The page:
East Grand Forks City Council members are set to vote on a new sales tax that could pay for all or some of a $32 million slate of Parks and Recreation projects, including a $24 million plan to revamp the city’s two aging ice arenas.

Council members informally agreed on Tuesday to vote next week on a resolution that would establish the basics of a new 2% sales tax and direct city staff to submit the proper paperwork to the Minnesota Legislature for the tax’s approval this spring. If council members approve that resolution at their meeting on Tuesday, Jan. 21, it would be the first of three milestone votes needed to enact the new tax, which would still need to be OK'd by lawmakers in St. Paul and voters in East Grand Forks.

As it stands, the resolution includes four projects: $2.5 million worth of improvements to the baseball fields at Stauss, LaFave and Williams Parks; a $2.5 million plan to fix-up LaFave Park; $3 million to maintain and repave trails along the Greenway; and the ice arena proposal, which would add a second sheet of ice at the East Grand Forks Civic Center and turn the VFW Memorial Arena into a fieldhouse.

But, if it gets that far, that list could be pared down by voters, who would be asked to approve each project individually on their ballots.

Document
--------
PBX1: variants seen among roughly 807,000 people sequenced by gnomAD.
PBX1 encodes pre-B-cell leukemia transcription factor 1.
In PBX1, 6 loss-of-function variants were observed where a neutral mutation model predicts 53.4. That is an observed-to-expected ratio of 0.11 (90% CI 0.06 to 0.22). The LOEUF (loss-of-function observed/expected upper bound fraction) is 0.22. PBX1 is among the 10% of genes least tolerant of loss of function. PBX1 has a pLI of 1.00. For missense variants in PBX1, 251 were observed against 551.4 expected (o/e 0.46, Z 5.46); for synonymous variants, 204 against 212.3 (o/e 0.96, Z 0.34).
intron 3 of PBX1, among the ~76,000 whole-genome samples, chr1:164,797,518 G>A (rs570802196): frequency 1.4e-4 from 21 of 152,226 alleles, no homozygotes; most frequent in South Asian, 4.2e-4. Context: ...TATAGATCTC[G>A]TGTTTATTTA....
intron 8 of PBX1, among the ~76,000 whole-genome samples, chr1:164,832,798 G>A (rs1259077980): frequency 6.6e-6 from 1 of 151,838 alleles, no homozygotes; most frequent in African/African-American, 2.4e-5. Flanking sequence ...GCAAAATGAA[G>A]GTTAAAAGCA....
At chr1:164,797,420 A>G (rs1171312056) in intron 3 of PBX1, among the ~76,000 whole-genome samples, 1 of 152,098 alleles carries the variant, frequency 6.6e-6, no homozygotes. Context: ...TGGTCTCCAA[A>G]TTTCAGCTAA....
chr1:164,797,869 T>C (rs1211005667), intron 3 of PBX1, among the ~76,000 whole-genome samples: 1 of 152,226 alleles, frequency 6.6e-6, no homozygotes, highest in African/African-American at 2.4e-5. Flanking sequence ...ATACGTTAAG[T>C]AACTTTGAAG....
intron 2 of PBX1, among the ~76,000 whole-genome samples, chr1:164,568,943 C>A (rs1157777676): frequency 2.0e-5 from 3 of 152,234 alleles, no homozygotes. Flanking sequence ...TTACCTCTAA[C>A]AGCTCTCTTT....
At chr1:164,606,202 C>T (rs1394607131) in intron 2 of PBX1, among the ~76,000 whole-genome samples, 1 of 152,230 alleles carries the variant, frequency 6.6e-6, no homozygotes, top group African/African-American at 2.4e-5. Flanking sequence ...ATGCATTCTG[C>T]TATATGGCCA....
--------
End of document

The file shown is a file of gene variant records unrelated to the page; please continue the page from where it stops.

Approving only some of the projects wouldn’t lessen the proposed tax, but it would make it end sooner because sales taxes in Minnesota expire after a certain period of time or when they hit a specific revenue figure, whichever comes first.

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The 2% tax council members are set to vote on next week would take in up to $48.5 million or be in effect for up to 30 years. That dollar figure is the amount city staff estimate all four projects would cost after accounting for interest on the money they’d need to borrow to pay for them over 25 years. It assumes that the city will bring in a little less than $2 million per year in sales tax revenue.

East Grand Forks voters approved the city’s existing sales tax in 2016. Money from that tax pays off the loan the city took out to renovate a public pool at Sherlock Park.

The four East Grand Forks residents who spoke at Tuesday’s meeting -- including East Grand Forks School Board member Brandon Boespflug -- were all generally in favor of the new sales tax.

“I personally feel it’s my job to give back to this community, to keep it going for generations to come,” said Marla Wolfe, a lifelong Eastside resident and retired teacher. “I want to be proud. I do not want a Band-Aid approach.”

Council member Dale Helms, who has been consistently skeptical of the arena project’s price tag, insisted that the materials city staff submit to the Legislature not say that all East Grand Forks residents are in favor of the new tax.

“We’re going to be hiring more employees to run this thing because we ain’t got enough help. How are we going to get the money to pay for all that?” Helms asked rhetorically. “What’s going to happen is the sales tax is going to go through, if the sales tax goes through, to build this thing. Now the next thing that the council’s going to be doing that following year is we’re going to be raising property taxes again to help pay for everything.”